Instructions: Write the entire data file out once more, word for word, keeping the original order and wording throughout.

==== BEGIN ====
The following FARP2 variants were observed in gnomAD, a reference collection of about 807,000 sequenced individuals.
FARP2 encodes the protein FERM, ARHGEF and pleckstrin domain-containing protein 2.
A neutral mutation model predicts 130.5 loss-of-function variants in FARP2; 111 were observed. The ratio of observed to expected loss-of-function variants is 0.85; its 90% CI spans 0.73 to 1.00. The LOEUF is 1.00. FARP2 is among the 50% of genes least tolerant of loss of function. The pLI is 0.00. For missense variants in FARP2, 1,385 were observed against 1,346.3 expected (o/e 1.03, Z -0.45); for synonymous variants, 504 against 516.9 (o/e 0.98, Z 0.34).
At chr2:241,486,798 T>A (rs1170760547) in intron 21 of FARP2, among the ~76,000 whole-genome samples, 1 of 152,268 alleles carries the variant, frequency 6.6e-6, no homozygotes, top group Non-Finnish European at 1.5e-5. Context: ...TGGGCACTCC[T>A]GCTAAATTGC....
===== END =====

The following FARP2 variants were observed in gnomAD, a reference collection of about 807,000 sequenced individuals.
FARP2 encodes the protein FERM, ARHGEF and pleckstrin domain-containing protein 2.
A neutral mutation model predicts 130.5 loss-of-function variants in FARP2; 111 were observed. The ratio of observed to expected loss-of-function variants is 0.85; its 90% CI spans 0.73 to 1.00. The LOEUF is 1.00. FARP2 is among the 50% of genes least tolerant of loss of function. The pLI is 0.00. For missense variants in FARP2, 1,385 were observed against 1,346.3 expected (o/e 1.03, Z -0.45); for synonymous variants, 504 against 516.9 (o/e 0.98, Z 0.34).
At chr2:241,486,798 T>A (rs1170760547) in intron 21 of FARP2, among the ~76,000 whole-genome samples, 1 of 152,268 alleles carries the variant, frequency 6.6e-6, no homozygotes, top group Non-Finnish European at 1.5e-5. Context: ...TGGGCACTCC[T>A]GCTAAATTGC....